Immigration Q and A December 2010

Immigration Q & A

Immigration Q and A December 2010

I have had my green card for seven years, but travel frequently on business. Can I apply for my citizenship?
The citizenship requirement you ask about is the physical presence requirement. The simplest way to see if you fall under this rule is to add all the days that you have been outside the United States (in the last five years). If the number is greater than 912 days (half of the five years), you do not qualify for citizenship. If the number is less than 912, you must see if you have any trips abroad that were longer than one year. If so, you can only file four years after you returned from that trip. If any trip was greater than six months, but less than one year, you may have to provided evidence that you did not abandon your residence in the United States. This includes tax returns, proof of payment of rent or mortgage, bills or other evidence that you maintained residence here.

What is the best way to bring a specialist worker to my business?
That depends on the nature of your business and the type of employees. If your business requires professionals (someone with a bachelor’s degree or equivalent in the field of employment), you may use the H1-B visa to bring such employees. If your business has a subsidiary, parent company or affiliate abroad, you may be able to bring those workers in on an L1 visa. There are also other visa types for very specific employment. For example, persons of extraordinary abilities in the arts, sports or sciences may qualify for the O visa, athletes and performers may use the P visa and culturally unique exchange workers may use the Q visa. You should make a list of the exact requirements you have for your employee and the exact job duties, and the consult an immigration attorney to find the best fit of visa for that worker.

Are immigration filing fees going up again?
Yes. USCIS has proposed a fee increase for most filing fees. The increase went into effect on November 23, 2010. The fee for naturalization will not go up (except the fingerprint component of the fee will increase by $5). The fee for a family petition will increase from $355 to $420. An application for adjustment of status will cost $1070 (currently it is $1010). Most other filing fees will increase by about 10%. A notable exception is the filing fees for a fiancé visa, which will actually decrease from $455 to $340.

Are there still H1-Bs left for the 2010 quota?
On November 12, 2010 USCIS announced that it has received approximately 47,800 H-1B petitions counting toward the Congressionally-mandated 65,000 cap for the fiscal year 2011. The agency continues to accept petitions subject to the 65,000 general cap for the fiscal year 2011. Additionally, USCIS has received approximately 17,400 petitions for aliens with advanced degrees (known as the Master’s Cap). Congress mandated that the first 20,000 of these types of petitions are exempt from any fiscal year cap on available H-1B visas. This means that there are still a number of new H1-B’s available for fiscal year 2011. The fiscal year 2011 begins October 1, 2010 and the fist day of filing for petitions for 2011 was April 1, 2010. Of course some H1-B petitions are not subject to the cap and are available year round, such as petitions filed by Institution of Higher Education or non-profit research organizations.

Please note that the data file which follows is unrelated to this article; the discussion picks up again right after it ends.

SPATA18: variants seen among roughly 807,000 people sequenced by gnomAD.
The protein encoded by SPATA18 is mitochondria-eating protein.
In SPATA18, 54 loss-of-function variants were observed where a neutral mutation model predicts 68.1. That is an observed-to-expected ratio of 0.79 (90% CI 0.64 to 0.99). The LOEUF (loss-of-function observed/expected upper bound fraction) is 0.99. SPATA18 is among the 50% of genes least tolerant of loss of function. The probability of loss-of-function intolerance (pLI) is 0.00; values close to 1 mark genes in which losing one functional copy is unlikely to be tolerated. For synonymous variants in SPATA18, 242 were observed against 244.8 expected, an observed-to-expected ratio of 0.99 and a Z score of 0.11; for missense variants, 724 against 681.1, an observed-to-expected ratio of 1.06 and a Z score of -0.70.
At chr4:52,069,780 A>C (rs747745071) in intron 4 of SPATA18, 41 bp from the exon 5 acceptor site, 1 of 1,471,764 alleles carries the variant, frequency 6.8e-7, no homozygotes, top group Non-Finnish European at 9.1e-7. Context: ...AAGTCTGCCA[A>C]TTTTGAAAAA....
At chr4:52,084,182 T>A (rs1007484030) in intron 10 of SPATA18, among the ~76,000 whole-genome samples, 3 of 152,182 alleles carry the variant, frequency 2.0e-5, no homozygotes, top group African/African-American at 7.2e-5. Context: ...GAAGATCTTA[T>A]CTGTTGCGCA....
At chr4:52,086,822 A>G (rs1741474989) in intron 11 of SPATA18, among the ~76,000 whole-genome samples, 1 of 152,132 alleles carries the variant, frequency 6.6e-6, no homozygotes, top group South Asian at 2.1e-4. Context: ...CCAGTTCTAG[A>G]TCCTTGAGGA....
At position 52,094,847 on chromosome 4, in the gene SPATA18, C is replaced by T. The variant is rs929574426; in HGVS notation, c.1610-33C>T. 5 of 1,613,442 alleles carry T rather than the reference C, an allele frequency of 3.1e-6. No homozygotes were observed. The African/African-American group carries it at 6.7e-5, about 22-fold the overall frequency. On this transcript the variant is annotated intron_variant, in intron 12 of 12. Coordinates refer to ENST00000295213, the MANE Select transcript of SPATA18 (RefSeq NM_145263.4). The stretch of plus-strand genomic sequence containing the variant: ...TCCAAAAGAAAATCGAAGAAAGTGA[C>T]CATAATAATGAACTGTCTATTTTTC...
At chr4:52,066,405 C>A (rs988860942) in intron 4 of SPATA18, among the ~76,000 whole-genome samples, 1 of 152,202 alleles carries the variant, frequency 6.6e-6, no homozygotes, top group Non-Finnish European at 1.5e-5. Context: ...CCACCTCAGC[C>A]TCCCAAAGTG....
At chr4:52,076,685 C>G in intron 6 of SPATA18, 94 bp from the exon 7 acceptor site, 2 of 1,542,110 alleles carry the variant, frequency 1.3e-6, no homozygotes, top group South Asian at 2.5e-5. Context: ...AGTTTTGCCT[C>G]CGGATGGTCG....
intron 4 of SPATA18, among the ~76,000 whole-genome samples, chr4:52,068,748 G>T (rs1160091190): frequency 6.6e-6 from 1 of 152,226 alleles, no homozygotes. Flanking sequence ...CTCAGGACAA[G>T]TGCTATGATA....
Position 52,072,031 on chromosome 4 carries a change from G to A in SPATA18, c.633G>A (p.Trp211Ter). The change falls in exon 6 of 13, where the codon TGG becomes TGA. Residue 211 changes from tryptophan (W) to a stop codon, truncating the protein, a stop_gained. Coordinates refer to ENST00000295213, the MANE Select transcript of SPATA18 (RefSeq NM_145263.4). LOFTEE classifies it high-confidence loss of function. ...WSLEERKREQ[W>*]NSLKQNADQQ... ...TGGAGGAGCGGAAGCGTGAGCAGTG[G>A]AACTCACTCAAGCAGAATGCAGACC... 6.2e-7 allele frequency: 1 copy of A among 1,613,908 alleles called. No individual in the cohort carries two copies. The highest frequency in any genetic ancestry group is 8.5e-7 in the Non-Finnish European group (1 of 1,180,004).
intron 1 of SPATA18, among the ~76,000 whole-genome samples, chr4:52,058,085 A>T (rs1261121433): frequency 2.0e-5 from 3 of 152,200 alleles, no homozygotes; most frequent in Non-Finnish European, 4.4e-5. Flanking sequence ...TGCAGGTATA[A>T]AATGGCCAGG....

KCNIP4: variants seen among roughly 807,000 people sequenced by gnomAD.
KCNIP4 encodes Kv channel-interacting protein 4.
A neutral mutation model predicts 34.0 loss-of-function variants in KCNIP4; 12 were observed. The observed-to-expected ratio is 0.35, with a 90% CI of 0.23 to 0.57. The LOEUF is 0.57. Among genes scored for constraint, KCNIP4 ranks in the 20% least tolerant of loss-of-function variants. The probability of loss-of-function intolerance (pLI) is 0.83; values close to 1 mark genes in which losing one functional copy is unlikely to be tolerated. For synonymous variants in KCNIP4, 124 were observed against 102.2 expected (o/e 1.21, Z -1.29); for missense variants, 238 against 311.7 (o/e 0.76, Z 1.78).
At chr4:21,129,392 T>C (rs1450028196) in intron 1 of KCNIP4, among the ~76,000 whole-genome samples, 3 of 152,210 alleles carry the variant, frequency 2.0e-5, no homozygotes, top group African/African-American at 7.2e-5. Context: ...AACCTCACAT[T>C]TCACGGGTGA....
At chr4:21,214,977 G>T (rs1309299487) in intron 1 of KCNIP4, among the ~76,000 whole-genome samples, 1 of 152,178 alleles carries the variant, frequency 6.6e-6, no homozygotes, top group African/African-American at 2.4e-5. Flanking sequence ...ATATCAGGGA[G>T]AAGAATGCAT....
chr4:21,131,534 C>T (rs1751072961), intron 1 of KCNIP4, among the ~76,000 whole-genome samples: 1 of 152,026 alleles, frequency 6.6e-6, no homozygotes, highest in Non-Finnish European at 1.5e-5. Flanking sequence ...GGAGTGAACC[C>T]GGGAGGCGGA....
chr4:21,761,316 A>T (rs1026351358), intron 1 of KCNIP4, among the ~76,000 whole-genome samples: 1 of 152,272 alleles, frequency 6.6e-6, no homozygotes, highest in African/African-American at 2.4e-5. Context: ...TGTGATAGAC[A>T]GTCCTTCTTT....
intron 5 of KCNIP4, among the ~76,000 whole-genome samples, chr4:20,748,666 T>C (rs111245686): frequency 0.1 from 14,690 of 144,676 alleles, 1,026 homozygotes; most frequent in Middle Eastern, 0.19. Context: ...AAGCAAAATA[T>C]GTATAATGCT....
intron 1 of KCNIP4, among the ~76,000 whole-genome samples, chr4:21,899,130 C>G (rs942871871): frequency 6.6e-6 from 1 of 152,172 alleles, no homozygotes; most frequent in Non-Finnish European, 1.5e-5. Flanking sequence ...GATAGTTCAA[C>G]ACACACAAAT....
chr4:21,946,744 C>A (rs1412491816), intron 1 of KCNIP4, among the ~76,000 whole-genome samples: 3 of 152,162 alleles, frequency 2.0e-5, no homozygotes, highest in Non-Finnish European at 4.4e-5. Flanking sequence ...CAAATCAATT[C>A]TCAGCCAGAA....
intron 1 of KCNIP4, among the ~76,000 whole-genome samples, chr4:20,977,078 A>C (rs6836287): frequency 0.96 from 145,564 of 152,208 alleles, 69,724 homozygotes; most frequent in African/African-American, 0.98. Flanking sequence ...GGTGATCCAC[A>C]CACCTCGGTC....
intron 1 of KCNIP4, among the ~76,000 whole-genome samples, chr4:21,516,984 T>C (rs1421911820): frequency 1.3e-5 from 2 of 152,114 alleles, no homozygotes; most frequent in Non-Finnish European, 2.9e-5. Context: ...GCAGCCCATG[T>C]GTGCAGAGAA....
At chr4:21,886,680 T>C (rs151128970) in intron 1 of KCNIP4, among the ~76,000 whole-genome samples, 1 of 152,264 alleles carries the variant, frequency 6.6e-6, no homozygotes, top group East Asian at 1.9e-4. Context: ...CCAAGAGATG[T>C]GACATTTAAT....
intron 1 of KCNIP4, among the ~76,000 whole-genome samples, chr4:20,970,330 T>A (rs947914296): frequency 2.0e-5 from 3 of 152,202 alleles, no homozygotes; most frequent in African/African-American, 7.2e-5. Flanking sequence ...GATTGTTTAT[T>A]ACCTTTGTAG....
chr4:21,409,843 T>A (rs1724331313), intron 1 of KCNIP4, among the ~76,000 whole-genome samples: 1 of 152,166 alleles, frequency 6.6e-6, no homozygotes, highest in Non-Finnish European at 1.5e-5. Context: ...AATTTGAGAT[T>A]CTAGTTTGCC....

Q. Why are legal immigrants worried about the Arizona law?
The law allows police to stop people based on a “reasonable suspicion” that the person may not have proper immigration documents. The law does not explain what is a “reasonable suspicion,” and many immigrants and US citizens fear that police will use race or physical appearance as a basis to stop people.

Q: Arizona supporters of the law say it just mirrors federal law—what’s wrong with states copying federal law?
The Arizona law goes well beyond federal law, copying the words of certain immigration statutes, but imposing new and often more severe penalties than the federal law.  Most federal immigration violations are civil, not criminal. The Arizona law makes these violations criminal. This creates difficult and complex jurisdictional issues, as the federal government has been given the exclusive power to regulate immigration law, especially civil immigration law.  Thus, even if Arizona law enforcement arrests every undocumented person in the state, it is still up to the federal government to ultimately charge them, put them in immigration proceedings, and if necessary, deport them.  The Department of Justice has filed a lawsuit to prevent this law from going into effect.

Q: Are other states considering Arizona-like laws?
Yes.  Legislators in at least twenty-two states—Arkansas, Colorado, Delaware, Georgia, Idaho, Indiana, Maryland, Michigan, Minnesota, Mississippi, Missouri, Nebraska, Nevada, New Mexico, North Carolina, Ohio, Oklahoma, Pennsylvania, Rhode Island, South Carolina, Texas, Utah—have introduced or are considering introducing similar laws. Nine states have filed briefs supporting Arizona in the federal government lawsuit against it: Michigan, Alabama, Florida, Nebraska, Pennsylvania, South Carolina, South Dakota, Texas and Virginia.

Some politicians who initially opposed the law have changed their positions to support it, such as Florida Attorney General Bill McCollum, who is running for governor in Florida. Another gubernatorial candidate, Rick Scott, has spent $4.7 million dollars for television campaign ads featuring his support of the Arizona law. Politicians supporting similar laws are finding support among voters who want to blame immigrants for the tough economy.